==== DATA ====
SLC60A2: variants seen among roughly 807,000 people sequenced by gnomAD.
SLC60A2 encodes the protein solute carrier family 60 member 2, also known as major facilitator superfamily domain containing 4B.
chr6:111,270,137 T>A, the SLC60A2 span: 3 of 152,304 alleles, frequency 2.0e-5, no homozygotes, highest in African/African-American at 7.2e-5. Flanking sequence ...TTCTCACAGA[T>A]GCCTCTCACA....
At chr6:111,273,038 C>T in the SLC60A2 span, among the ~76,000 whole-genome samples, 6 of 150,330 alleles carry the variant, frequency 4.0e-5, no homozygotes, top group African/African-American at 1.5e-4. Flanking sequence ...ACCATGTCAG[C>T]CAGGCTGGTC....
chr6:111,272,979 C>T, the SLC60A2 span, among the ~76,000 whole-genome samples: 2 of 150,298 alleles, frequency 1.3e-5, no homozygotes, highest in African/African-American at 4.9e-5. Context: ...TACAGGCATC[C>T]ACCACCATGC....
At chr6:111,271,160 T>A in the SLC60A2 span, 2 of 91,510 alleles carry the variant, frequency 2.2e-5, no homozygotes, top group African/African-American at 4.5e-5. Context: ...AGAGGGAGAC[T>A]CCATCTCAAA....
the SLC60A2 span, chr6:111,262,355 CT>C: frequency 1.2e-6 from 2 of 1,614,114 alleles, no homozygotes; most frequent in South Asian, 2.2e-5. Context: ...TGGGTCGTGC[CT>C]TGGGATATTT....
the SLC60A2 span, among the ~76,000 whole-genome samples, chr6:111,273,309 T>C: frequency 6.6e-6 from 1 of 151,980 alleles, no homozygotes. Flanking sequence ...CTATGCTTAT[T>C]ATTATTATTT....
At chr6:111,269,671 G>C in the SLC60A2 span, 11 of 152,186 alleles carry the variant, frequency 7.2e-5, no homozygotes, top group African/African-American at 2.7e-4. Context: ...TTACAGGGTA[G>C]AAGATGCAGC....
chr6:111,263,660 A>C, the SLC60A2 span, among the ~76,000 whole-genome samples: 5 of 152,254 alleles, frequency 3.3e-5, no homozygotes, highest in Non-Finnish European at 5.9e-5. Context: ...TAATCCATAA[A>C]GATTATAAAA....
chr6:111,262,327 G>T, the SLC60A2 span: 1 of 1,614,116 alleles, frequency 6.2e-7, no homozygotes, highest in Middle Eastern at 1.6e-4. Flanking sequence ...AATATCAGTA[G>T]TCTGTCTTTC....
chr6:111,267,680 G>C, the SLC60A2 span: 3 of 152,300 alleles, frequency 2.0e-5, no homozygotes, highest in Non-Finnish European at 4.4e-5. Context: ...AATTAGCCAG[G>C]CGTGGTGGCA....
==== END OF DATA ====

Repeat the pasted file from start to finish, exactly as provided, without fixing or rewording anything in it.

SLC60A2: variants seen among roughly 807,000 people sequenced by gnomAD.
SLC60A2 encodes the protein solute carrier family 60 member 2, also known as major facilitator superfamily domain containing 4B.
chr6:111,270,137 T>A, the SLC60A2 span: 3 of 152,304 alleles, frequency 2.0e-5, no homozygotes, highest in African/African-American at 7.2e-5. Flanking sequence ...TTCTCACAGA[T>A]GCCTCTCACA....
At chr6:111,273,038 C>T in the SLC60A2 span, among the ~76,000 whole-genome samples, 6 of 150,330 alleles carry the variant, frequency 4.0e-5, no homozygotes, top group African/African-American at 1.5e-4. Flanking sequence ...ACCATGTCAG[C>T]CAGGCTGGTC....
chr6:111,272,979 C>T, the SLC60A2 span, among the ~76,000 whole-genome samples: 2 of 150,298 alleles, frequency 1.3e-5, no homozygotes, highest in African/African-American at 4.9e-5. Context: ...TACAGGCATC[C>T]ACCACCATGC....
At chr6:111,271,160 T>A in the SLC60A2 span, 2 of 91,510 alleles carry the variant, frequency 2.2e-5, no homozygotes, top group African/African-American at 4.5e-5. Context: ...AGAGGGAGAC[T>A]CCATCTCAAA....
the SLC60A2 span, chr6:111,262,355 CT>C: frequency 1.2e-6 from 2 of 1,614,114 alleles, no homozygotes; most frequent in South Asian, 2.2e-5. Context: ...TGGGTCGTGC[CT>C]TGGGATATTT....
the SLC60A2 span, among the ~76,000 whole-genome samples, chr6:111,273,309 T>C: frequency 6.6e-6 from 1 of 151,980 alleles, no homozygotes. Flanking sequence ...CTATGCTTAT[T>C]ATTATTATTT....
At chr6:111,269,671 G>C in the SLC60A2 span, 11 of 152,186 alleles carry the variant, frequency 7.2e-5, no homozygotes, top group African/African-American at 2.7e-4. Context: ...TTACAGGGTA[G>C]AAGATGCAGC....
chr6:111,263,660 A>C, the SLC60A2 span, among the ~76,000 whole-genome samples: 5 of 152,254 alleles, frequency 3.3e-5, no homozygotes, highest in Non-Finnish European at 5.9e-5. Context: ...TAATCCATAA[A>C]GATTATAAAA....
chr6:111,262,327 G>T, the SLC60A2 span: 1 of 1,614,116 alleles, frequency 6.2e-7, no homozygotes, highest in Middle Eastern at 1.6e-4. Flanking sequence ...AATATCAGTA[G>T]TCTGTCTTTC....
chr6:111,267,680 G>C, the SLC60A2 span: 3 of 152,300 alleles, frequency 2.0e-5, no homozygotes, highest in Non-Finnish European at 4.4e-5. Context: ...AATTAGCCAG[G>C]CGTGGTGGCA....